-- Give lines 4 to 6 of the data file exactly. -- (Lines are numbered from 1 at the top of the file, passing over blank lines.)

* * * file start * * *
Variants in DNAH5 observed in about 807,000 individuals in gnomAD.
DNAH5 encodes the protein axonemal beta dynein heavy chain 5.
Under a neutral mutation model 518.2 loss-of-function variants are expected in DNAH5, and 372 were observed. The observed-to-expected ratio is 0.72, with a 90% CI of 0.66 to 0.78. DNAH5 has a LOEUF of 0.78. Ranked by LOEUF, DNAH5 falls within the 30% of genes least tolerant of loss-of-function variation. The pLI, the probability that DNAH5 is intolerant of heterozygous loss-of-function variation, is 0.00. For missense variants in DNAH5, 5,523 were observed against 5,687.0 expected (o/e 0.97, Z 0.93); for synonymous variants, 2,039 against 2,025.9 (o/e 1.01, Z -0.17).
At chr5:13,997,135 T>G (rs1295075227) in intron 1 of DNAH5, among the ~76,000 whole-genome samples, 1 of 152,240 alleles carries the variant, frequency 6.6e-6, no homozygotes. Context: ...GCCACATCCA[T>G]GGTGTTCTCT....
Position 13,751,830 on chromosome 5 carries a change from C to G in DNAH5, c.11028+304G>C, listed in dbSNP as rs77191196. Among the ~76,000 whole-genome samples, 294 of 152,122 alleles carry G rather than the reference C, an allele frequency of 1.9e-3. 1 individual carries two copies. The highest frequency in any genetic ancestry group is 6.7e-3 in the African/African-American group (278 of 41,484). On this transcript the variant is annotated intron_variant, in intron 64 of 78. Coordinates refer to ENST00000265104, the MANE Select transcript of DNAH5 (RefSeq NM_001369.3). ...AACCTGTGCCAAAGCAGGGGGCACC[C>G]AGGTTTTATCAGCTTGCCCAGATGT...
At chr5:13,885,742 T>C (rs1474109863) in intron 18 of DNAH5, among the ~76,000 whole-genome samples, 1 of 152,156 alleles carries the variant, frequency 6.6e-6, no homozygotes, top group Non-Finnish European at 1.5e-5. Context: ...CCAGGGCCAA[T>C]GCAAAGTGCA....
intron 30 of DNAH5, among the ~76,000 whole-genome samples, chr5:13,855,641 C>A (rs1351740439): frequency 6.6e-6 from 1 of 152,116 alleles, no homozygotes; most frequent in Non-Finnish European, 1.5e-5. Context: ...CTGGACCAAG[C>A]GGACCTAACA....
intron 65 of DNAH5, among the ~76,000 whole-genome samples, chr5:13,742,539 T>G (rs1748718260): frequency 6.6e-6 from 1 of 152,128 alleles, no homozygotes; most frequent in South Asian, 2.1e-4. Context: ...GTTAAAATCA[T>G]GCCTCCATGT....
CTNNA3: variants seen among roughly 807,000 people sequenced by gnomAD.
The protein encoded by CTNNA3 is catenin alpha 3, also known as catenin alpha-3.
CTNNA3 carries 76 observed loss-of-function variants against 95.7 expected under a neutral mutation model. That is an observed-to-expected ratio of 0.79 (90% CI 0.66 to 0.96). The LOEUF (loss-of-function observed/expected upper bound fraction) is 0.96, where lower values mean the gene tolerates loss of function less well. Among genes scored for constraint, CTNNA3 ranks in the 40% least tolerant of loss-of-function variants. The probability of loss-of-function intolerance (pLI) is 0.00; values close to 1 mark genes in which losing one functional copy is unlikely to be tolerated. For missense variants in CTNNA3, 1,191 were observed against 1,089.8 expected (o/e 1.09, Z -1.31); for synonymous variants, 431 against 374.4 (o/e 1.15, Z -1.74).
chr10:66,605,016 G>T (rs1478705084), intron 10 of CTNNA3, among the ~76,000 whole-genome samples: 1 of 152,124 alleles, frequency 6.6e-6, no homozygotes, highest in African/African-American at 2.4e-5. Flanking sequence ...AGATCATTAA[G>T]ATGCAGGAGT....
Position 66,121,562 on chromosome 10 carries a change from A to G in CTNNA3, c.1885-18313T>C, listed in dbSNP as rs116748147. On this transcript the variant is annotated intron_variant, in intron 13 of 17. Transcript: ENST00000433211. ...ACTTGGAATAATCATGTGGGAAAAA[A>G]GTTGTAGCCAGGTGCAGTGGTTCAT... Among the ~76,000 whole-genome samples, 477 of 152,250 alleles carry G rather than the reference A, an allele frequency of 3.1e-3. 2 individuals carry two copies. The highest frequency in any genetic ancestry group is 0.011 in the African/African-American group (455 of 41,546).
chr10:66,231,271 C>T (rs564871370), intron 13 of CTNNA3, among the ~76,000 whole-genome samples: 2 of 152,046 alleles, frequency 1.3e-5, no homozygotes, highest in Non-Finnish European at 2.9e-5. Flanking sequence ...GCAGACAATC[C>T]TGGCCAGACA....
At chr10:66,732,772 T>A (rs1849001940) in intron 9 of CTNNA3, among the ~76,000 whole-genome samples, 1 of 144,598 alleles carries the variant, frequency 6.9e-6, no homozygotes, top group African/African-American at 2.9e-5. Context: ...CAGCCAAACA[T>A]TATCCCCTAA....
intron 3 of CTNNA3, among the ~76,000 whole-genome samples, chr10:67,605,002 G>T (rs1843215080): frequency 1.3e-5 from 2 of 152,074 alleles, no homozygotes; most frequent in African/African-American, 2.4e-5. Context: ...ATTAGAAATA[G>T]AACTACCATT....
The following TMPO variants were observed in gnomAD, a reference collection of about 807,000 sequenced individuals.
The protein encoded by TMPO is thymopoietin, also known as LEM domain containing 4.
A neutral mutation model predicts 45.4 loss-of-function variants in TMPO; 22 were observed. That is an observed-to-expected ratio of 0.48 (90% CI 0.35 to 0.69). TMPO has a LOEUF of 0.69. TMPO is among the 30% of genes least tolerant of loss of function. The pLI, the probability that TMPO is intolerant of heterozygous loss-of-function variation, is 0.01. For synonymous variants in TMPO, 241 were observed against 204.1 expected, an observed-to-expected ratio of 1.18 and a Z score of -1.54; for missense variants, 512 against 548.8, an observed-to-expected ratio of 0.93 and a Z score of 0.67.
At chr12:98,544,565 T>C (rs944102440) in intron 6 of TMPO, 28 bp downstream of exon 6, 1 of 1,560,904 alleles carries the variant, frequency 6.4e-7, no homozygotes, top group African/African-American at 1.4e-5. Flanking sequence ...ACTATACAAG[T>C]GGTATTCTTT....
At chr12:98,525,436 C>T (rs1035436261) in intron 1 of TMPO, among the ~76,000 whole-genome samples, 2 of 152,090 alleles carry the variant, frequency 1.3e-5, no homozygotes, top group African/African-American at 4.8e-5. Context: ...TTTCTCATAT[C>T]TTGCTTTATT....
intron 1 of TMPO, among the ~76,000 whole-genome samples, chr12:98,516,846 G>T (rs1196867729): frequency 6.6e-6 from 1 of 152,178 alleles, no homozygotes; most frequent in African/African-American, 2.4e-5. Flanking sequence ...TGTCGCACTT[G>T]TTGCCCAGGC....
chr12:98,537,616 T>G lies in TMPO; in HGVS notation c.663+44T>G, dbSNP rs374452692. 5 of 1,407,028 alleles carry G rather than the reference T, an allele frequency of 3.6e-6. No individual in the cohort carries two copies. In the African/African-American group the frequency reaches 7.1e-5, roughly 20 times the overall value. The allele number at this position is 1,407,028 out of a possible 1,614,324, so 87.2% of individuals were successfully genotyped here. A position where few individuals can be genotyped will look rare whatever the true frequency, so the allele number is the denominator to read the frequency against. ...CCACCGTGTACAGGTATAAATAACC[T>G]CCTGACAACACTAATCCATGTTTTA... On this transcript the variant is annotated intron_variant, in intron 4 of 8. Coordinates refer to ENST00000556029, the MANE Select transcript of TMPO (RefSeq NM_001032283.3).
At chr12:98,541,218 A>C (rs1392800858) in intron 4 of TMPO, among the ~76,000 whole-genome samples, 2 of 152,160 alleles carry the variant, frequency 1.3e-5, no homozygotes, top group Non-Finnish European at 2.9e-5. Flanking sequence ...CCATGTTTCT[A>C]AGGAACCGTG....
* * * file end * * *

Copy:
At chr5:13,997,135 T>G (rs1295075227) in intron 1 of DNAH5, among the ~76,000 whole-genome samples, 1 of 152,240 alleles carries the variant, frequency 6.6e-6, no homozygotes. Context: ...GCCACATCCA[T>G]GGTGTTCTCT....
Position 13,751,830 on chromosome 5 carries a change from C to G in DNAH5, c.11028+304G>C, listed in dbSNP as rs77191196. Among the ~76,000 whole-genome samples, 294 of 152,122 alleles carry G rather than the reference C, an allele frequency of 1.9e-3. 1 individual carries two copies. The highest frequency in any genetic ancestry group is 6.7e-3 in the African/African-American group (278 of 41,484). On this transcript the variant is annotated intron_variant, in intron 64 of 78. Coordinates refer to ENST00000265104, the MANE Select transcript of DNAH5 (RefSeq NM_001369.3). ...AACCTGTGCCAAAGCAGGGGGCACC[C>G]AGGTTTTATCAGCTTGCCCAGATGT...
At chr5:13,885,742 T>C (rs1474109863) in intron 18 of DNAH5, among the ~76,000 whole-genome samples, 1 of 152,156 alleles carries the variant, frequency 6.6e-6, no homozygotes, top group Non-Finnish European at 1.5e-5. Context: ...CCAGGGCCAA[T>C]GCAAAGTGCA....